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Hello, je cherche des comptes/tags à suivre, dans les domaines des #musiques actuelles, #jazz, #fusion, #progrock, #metal, mais aussi des #bassistes, #beatmakers, etc. Je m'intéresse aussi aux #computers, #database, #infosec, #libre, etc. Enfin adore la #moto sous toutes ses formes, la #montagne, la #glisse. Anyone pour me recommander des pages sur ces sujets, en anglais ou en français ? #Facebook #escape #help
 
Fun read: The Atlantic, from back in the days, when "computer" was a human job description

Computing Power Used to Be Measured in 'Kilo-Girls' - The earliest computers were human. And, more often than not, female.


#computers
 
Fun read: The Atlantic, from back in the days, when "computer" was a human job description

Computing Power Used to Be Measured in 'Kilo-Girls' - The earliest computers were human. And, more often than not, female.


#computers
 
Bild/Foto
Hey everyone, I’m #newhere. I’m interested in #computers, #electronicmusic, #photography, and #synthesizers and a fair whack of other stuff I couldn't be bothered tagging ;) Never been on Fakebook, but have been wondering about this for a while... I've lived in the UK for a decade, but now back in Sunny Australia, sheltering from Covid-19 like everyone else. Curious to see if anyone I know is on here and make new friends here. If you want a flavour of what I'm about, check me out on Twitter or look and some old ramblings on WordPress - yeah, really should write something again...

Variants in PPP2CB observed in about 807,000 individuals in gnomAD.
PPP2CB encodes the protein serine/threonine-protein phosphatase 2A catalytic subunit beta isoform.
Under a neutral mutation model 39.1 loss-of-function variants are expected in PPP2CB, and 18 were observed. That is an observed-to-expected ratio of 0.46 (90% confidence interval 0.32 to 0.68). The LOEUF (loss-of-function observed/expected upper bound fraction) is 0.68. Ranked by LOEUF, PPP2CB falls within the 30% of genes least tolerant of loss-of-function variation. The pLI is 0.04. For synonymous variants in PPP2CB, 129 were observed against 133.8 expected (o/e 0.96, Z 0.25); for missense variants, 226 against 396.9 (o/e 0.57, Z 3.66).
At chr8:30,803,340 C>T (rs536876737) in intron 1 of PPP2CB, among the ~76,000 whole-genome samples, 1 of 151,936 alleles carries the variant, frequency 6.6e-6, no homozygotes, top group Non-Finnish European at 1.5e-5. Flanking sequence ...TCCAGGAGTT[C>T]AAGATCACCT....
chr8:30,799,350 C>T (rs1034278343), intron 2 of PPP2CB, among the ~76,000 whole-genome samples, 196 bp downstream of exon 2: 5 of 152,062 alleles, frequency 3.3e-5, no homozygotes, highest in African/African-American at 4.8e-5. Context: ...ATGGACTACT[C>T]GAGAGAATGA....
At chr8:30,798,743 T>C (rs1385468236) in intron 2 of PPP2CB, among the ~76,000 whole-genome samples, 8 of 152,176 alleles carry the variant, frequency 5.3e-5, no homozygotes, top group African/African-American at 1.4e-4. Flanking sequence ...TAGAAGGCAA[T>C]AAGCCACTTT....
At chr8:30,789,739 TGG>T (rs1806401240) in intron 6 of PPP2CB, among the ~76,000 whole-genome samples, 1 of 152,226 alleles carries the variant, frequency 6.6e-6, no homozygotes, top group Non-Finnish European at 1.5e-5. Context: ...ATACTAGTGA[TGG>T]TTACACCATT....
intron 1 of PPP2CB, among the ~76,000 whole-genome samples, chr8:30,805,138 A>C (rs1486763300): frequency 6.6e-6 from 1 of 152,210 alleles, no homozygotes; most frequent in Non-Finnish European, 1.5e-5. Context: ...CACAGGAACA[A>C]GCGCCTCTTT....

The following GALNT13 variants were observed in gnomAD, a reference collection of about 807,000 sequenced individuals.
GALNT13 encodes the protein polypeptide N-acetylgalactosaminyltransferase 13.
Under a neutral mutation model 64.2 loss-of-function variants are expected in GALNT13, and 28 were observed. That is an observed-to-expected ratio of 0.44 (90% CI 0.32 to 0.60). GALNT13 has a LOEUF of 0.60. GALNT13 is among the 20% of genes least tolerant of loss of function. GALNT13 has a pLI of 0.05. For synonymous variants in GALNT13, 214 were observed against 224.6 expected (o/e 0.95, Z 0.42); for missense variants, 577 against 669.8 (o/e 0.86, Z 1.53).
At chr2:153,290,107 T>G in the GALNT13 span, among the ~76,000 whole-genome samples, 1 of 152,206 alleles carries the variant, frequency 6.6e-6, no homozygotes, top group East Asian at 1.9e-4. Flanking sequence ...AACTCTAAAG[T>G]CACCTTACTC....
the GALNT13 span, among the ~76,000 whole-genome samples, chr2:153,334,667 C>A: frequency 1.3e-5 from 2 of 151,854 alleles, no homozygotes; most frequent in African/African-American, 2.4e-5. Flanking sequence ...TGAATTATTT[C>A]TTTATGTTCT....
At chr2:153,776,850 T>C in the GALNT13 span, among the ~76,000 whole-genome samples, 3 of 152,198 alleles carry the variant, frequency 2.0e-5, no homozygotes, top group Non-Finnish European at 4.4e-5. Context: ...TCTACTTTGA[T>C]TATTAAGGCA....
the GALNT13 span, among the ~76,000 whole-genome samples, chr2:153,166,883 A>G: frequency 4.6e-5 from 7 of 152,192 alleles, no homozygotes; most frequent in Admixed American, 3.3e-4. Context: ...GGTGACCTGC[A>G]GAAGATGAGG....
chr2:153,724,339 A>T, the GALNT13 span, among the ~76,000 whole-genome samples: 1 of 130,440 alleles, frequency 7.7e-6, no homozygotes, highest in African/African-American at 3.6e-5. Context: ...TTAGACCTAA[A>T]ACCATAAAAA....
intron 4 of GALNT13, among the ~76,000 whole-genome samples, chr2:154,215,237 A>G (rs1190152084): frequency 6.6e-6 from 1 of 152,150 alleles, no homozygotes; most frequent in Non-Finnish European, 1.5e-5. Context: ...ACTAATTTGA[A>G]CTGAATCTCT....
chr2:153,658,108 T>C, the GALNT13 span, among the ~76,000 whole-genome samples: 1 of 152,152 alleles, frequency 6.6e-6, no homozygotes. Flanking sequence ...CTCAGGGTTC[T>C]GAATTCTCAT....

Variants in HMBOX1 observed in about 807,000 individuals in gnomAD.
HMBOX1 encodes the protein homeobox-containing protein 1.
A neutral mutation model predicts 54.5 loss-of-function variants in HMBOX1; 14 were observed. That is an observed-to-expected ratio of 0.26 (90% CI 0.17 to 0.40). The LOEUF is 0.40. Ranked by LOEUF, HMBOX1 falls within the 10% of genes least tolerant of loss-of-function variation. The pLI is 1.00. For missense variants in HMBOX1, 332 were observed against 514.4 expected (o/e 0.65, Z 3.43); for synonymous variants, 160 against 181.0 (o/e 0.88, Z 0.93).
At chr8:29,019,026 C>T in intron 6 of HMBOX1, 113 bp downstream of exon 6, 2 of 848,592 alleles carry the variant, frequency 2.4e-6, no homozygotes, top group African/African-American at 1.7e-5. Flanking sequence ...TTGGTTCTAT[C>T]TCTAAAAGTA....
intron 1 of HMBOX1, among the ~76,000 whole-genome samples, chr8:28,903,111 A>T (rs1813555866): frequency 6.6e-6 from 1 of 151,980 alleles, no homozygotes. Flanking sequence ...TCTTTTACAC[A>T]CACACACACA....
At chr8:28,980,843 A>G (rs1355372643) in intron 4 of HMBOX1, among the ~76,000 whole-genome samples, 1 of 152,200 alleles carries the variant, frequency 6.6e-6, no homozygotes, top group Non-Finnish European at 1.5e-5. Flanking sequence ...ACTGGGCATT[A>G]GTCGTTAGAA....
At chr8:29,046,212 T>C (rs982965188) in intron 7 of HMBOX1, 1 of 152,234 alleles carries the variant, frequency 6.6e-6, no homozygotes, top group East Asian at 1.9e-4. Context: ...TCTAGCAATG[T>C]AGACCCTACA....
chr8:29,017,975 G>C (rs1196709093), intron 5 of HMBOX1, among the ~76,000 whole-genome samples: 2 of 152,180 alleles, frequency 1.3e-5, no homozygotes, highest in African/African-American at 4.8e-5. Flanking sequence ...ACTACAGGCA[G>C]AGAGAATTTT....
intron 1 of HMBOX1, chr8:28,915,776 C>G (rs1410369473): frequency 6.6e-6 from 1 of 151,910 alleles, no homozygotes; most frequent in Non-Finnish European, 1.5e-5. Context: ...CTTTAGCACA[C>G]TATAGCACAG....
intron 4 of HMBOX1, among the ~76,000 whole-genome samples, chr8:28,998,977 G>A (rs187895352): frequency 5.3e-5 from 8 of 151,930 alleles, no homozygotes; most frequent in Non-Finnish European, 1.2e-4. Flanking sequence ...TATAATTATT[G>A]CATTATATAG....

Bild/Foto
Hey everyone, I’m #newhere. I’m interested in #computers, #electronicmusic, #photography, and #synthesizers and a fair whack of other stuff I couldn't be bothered tagging ;) Never been on Fakebook, but have been wondering about this for a while... I've lived in the UK for a decade, but now back in Sunny Australia, sheltering from Covid-19 like everyone else. Curious to see if anyone I know is on here and make new friends here. If you want a flavour of what I'm about, check me out on Twitter or look and some old ramblings on WordPress - yeah, really should write something again...
 
An interesting look at how Unix got started. The oral history of Unix site [ https://www.princeton.edu/~hos/Mahoney/unixhistory ] is definitely worth a look for a more personal look at the people who made it happen.
Maybe its pervasiveness has long obscured its origins. But Unix, the operating system that in one derivative or another powers nearly all smartphones sold worldwide, was born 50 years ago from the failure of an ambitious project that involved titans like Bell Labs, GE, and MIT. Largely the brainchild of a few programmers at Bell Labs, the unlikely story of Unix begins with a meeting on the top floor of an otherwise unremarkable annex at the sprawling Bell Labs complex in Murray Hill, New Jersey.
[...]
It wasn’t until late 1971 that the computer science department got a truly modern computer. The Unix team had developed several tools designed to automatically format text files for printing over the past year or so. They had done so to simplify the production of documentation for their pet project, but their tools had escaped and were being used by several researchers elsewhere on the top floor. At the same time, the legal department was prepared to spend a fortune on a mainframe program called “AstroText.” Catching wind of this, the Unix crew realized that they could, with only a little effort, upgrade the tools they had written for their own use into something that the legal department could use to prepare patent applications.